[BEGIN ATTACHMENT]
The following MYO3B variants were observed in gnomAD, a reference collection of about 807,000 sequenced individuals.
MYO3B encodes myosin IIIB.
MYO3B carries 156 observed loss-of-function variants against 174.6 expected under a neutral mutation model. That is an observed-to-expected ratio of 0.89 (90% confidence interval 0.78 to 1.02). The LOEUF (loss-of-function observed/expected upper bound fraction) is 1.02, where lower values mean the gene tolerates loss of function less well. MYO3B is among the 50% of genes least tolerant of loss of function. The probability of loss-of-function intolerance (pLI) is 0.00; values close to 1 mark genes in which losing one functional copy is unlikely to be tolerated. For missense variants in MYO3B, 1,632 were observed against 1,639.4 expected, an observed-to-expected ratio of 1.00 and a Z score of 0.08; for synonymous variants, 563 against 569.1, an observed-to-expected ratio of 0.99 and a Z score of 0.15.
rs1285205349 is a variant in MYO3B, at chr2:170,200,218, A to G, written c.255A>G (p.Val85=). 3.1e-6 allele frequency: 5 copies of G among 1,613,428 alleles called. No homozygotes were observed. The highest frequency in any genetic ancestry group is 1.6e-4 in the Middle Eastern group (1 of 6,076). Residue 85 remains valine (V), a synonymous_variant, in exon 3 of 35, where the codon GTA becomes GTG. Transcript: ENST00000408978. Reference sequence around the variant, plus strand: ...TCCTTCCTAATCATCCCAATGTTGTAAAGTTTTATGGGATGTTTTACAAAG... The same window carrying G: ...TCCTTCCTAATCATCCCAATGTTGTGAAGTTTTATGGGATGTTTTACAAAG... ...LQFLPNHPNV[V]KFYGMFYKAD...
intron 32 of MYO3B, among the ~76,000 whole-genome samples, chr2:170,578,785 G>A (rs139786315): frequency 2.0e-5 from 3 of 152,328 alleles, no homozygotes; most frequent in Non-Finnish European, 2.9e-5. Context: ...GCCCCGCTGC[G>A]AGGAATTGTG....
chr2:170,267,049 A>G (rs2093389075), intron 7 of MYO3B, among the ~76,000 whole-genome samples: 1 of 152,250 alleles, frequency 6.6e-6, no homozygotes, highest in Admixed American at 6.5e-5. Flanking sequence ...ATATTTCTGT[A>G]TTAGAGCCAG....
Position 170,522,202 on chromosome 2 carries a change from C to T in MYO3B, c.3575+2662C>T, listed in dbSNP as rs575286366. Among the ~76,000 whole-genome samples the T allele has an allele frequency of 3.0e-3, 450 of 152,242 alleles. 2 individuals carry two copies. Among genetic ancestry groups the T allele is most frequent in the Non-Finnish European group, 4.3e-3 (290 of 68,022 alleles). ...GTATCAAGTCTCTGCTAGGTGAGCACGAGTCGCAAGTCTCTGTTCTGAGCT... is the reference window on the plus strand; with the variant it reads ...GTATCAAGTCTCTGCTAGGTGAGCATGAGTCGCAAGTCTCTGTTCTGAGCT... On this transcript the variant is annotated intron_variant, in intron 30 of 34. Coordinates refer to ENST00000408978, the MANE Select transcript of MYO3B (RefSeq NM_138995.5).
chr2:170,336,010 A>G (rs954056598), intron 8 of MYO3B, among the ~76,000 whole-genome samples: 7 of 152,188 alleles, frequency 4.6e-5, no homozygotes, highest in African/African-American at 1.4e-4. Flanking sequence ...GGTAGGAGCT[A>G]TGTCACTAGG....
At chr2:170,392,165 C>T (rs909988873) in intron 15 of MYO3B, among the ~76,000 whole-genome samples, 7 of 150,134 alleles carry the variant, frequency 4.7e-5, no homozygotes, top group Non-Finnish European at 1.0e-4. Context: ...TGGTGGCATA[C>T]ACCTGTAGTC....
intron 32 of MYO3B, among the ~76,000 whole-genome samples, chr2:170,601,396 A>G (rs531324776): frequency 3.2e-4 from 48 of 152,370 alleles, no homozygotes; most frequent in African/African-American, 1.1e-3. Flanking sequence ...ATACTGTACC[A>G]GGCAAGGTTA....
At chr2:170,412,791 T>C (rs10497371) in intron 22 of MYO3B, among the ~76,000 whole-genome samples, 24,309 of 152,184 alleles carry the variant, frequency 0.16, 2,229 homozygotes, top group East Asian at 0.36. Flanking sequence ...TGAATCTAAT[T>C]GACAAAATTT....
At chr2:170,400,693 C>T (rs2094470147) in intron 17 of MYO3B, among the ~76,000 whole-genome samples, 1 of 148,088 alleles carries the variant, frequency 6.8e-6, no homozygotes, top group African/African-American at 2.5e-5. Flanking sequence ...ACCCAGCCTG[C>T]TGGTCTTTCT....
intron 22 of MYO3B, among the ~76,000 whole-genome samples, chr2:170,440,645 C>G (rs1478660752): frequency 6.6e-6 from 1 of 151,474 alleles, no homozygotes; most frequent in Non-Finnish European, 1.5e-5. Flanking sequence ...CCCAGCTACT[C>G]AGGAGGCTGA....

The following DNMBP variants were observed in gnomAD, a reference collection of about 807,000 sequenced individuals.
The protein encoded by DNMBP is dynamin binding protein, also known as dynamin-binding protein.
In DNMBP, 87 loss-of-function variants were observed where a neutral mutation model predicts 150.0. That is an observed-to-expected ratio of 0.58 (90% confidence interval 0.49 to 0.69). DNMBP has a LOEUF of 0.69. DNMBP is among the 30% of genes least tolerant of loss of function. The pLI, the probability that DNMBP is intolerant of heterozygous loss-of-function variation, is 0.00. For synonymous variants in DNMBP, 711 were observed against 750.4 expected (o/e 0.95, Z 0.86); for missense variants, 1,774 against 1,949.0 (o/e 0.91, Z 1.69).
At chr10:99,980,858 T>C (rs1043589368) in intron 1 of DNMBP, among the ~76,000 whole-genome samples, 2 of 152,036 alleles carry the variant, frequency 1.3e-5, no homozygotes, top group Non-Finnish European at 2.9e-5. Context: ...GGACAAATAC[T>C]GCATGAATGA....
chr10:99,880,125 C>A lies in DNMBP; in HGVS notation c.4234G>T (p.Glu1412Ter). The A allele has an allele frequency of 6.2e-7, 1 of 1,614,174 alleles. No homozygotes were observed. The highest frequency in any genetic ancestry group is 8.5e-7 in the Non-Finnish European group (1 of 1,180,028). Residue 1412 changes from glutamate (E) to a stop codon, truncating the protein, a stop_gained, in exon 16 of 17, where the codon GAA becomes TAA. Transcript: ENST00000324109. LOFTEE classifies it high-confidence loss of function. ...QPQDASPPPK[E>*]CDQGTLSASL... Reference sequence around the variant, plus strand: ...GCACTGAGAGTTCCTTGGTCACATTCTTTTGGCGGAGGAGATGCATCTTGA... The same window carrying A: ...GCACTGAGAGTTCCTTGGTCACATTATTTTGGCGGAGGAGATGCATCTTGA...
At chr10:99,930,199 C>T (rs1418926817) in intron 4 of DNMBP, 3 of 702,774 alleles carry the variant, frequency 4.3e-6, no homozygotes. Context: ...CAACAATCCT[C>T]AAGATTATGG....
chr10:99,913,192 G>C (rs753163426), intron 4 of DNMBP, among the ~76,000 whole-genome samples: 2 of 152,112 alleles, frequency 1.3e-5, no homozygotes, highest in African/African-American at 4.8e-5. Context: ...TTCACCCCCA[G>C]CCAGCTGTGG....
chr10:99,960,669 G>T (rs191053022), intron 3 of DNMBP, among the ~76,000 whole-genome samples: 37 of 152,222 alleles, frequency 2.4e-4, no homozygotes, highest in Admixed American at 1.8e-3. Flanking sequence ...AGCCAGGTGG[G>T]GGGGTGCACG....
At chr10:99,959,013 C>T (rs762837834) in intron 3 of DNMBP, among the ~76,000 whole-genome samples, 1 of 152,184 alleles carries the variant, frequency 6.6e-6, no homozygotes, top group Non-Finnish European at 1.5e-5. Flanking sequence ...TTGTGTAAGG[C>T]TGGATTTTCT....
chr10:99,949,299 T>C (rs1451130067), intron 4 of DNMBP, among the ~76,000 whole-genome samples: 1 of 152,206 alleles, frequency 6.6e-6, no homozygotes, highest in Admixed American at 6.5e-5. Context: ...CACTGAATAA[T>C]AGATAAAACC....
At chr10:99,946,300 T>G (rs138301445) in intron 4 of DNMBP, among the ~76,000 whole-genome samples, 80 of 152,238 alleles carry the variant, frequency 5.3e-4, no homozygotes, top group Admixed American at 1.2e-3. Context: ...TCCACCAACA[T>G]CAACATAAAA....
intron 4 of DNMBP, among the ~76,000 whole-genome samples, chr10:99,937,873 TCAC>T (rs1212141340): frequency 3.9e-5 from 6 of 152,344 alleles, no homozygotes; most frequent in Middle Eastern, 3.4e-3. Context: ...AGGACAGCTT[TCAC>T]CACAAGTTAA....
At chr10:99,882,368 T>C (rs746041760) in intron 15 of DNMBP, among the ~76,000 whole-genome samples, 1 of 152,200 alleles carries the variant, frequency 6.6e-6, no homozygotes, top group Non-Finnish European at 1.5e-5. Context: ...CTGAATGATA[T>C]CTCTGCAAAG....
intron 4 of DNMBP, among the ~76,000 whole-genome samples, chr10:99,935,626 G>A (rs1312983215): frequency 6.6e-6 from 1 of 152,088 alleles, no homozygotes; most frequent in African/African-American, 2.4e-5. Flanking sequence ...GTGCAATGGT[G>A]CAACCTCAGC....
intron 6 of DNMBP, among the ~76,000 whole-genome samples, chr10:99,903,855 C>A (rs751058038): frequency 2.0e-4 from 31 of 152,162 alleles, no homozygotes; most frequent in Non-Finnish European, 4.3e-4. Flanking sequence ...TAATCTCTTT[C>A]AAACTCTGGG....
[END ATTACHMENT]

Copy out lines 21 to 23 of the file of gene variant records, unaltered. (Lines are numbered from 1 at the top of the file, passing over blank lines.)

chr10:99,960,669 G>T (rs191053022), intron 3 of DNMBP, among the ~76,000 whole-genome samples: 37 of 152,222 alleles, frequency 2.4e-4, no homozygotes, highest in Admixed American at 1.8e-3. Flanking sequence ...AGCCAGGTGG[G>T]GGGGTGCACG....
At chr10:99,959,013 C>T (rs762837834) in intron 3 of DNMBP, among the ~76,000 whole-genome samples, 1 of 152,184 alleles carries the variant, frequency 6.6e-6, no homozygotes, top group Non-Finnish European at 1.5e-5. Flanking sequence ...TTGTGTAAGG[C>T]TGGATTTTCT....
chr10:99,949,299 T>C (rs1451130067), intron 4 of DNMBP, among the ~76,000 whole-genome samples: 1 of 152,206 alleles, frequency 6.6e-6, no homozygotes, highest in Admixed American at 6.5e-5. Context: ...CACTGAATAA[T>C]AGATAAAACC....